The Pterinochilus murinus story begins in 1897, when Mr. R. I. Pocock described a single female specimen in The British Museum, deposited by the intrepid Emin Pasha. The collection locality, Ugogo, refers to an area currently near the city of Dodoma in central Tanzania. Pocock described the specimen’s color as “a nearly uniform mouse-brown,” and noted in the “Museum…females of the same or of closely allied species from southern Kenya, from Mombasa and from the N.E. of Lake Victoria Nyanza.” Since description, color variants of P. murinus have been found across east Africa. Of these, the strikingly orange P. murinus from the Usambara Mountain region, Tanzania, has become by far the most commonly available. Over the past several years variants from other east African regions have been introduced, ranging from tan to “mouse-brown” to dark grey. Minor variations in carapace markings are sometimes evident.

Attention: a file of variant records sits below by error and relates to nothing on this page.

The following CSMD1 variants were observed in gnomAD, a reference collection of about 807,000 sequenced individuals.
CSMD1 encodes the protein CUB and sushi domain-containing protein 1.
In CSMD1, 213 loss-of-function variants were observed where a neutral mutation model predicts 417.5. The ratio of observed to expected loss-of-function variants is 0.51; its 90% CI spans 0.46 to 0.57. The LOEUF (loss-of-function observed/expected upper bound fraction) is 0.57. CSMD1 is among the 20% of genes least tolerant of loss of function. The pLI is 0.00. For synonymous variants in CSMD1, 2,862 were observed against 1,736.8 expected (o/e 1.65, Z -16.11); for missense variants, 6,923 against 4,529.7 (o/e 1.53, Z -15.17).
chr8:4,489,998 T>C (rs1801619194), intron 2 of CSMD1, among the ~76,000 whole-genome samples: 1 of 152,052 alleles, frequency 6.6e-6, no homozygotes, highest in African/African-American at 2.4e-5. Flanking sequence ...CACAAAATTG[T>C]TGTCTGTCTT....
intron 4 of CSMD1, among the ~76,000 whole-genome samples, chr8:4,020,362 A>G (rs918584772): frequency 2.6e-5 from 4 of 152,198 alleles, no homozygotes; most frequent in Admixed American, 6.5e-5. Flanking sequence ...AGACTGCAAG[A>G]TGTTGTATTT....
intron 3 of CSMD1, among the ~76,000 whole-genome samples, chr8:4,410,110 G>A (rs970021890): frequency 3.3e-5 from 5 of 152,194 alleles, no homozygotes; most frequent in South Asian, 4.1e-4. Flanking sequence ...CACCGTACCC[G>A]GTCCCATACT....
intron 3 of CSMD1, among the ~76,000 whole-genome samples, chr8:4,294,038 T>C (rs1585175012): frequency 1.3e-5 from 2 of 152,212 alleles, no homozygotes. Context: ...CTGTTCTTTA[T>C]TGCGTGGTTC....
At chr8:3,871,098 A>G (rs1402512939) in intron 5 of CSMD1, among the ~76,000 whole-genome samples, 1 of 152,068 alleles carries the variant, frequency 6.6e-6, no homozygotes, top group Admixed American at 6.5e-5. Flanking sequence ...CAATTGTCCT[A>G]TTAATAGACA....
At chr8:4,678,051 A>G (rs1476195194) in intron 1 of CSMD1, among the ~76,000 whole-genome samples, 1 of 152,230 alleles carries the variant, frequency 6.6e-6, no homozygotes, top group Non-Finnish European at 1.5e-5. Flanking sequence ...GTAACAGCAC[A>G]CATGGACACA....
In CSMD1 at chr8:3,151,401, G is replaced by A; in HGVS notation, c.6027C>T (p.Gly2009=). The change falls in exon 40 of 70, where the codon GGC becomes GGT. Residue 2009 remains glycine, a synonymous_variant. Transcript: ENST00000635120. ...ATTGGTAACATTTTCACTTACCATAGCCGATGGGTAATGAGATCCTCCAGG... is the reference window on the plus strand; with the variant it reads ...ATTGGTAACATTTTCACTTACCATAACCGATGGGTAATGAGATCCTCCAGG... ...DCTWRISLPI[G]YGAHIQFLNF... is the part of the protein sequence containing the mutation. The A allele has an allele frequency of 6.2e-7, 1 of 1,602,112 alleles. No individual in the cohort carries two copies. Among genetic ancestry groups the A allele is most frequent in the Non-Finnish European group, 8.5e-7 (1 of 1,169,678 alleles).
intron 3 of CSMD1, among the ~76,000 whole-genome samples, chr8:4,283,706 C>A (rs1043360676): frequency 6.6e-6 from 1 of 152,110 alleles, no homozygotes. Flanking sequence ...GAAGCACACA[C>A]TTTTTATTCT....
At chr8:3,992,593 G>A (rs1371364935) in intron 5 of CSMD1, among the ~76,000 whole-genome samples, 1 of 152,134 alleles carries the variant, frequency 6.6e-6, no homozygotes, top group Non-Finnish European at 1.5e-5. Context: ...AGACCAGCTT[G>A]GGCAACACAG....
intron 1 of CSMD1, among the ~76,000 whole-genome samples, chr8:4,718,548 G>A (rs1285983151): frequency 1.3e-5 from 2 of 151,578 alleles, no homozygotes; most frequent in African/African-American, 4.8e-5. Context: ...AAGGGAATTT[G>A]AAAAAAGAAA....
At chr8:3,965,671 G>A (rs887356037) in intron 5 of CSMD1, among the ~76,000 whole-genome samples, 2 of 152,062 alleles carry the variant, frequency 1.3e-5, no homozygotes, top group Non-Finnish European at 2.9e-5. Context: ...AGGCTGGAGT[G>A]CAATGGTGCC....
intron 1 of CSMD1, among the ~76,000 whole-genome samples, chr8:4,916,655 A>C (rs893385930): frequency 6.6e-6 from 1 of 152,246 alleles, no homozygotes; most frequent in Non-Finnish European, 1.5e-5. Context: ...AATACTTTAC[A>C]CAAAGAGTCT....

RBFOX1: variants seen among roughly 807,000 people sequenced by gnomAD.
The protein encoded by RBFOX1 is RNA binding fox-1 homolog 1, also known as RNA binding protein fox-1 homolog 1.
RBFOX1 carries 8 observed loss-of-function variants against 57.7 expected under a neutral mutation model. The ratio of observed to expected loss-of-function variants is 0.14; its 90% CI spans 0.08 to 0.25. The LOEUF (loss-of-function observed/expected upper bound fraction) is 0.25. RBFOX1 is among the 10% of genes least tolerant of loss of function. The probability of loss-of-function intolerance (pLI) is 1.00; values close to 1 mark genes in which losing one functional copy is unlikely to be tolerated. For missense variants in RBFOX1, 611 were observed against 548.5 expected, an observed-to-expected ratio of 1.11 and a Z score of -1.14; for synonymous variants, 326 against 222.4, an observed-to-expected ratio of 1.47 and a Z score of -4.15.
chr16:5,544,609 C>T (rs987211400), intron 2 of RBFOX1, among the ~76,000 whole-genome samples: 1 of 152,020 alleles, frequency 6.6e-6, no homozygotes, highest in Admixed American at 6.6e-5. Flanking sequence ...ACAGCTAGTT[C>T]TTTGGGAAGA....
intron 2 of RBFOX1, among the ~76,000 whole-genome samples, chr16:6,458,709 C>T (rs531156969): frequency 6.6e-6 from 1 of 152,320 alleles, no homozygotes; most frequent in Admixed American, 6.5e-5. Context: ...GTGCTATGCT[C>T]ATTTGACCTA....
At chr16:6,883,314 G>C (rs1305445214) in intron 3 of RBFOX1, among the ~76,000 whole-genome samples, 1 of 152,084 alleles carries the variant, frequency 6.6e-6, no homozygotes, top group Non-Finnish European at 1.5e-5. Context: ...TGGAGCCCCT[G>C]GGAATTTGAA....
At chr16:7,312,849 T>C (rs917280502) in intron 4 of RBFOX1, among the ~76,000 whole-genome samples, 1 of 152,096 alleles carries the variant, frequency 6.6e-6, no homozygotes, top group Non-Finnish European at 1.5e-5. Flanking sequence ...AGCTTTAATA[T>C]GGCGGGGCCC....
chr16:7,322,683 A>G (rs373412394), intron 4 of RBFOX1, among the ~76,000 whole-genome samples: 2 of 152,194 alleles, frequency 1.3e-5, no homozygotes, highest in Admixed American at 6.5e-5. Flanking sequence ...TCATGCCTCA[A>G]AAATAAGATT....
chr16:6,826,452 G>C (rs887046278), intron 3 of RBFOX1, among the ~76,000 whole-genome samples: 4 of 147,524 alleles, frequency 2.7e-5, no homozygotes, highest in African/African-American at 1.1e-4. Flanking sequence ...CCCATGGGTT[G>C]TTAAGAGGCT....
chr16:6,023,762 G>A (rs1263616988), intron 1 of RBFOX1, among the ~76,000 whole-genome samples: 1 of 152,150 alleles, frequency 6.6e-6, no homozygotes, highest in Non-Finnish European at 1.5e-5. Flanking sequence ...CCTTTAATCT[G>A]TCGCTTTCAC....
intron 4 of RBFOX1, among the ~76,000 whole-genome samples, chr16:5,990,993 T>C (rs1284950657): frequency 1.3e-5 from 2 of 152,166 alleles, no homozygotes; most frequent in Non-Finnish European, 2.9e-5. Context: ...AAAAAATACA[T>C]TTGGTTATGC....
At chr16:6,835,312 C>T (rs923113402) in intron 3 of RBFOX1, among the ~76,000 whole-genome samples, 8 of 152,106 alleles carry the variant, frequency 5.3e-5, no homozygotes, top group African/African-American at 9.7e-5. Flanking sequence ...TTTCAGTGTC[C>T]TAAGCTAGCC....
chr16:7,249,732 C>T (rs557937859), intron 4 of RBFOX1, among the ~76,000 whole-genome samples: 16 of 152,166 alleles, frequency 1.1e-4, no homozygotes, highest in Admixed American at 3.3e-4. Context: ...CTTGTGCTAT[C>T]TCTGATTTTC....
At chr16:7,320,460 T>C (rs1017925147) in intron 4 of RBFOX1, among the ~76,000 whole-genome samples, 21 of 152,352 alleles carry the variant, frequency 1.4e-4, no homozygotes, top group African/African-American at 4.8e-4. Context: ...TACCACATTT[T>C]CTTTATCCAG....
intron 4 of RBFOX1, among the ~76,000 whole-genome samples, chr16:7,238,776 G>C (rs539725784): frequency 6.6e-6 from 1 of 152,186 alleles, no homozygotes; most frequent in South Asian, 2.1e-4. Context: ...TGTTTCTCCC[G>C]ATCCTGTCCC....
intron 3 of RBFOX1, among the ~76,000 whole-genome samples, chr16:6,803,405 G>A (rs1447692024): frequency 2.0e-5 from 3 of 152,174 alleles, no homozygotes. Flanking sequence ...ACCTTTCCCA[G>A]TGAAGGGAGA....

The Tete, Mozambique lineage offered here is the what most refer to as the ‘brown color form’ (BCF). However, we wholly agree with arachnologist Danniella Sherwood that “color forms in the pet trade are problematic and arbitrary terms. How red does a spider need to be to be categorized as “RCF” and how dark for “DCF”? How close to the colour of the type specimen must “TCF” be and is that before or after the alcohol browned it? I just hope we are able to convince everyone to label their wild stock by given locality, as that is a lot better than what has been going on for the last 20 years.”
Thus, please purchase and pass this species on with its collection locality, as ‘Pterinochilus murinus (Tete, Mozambique).’ Given the distribution of P. murinus across many countries in Africa, future localities are sure to produce different shades of brown.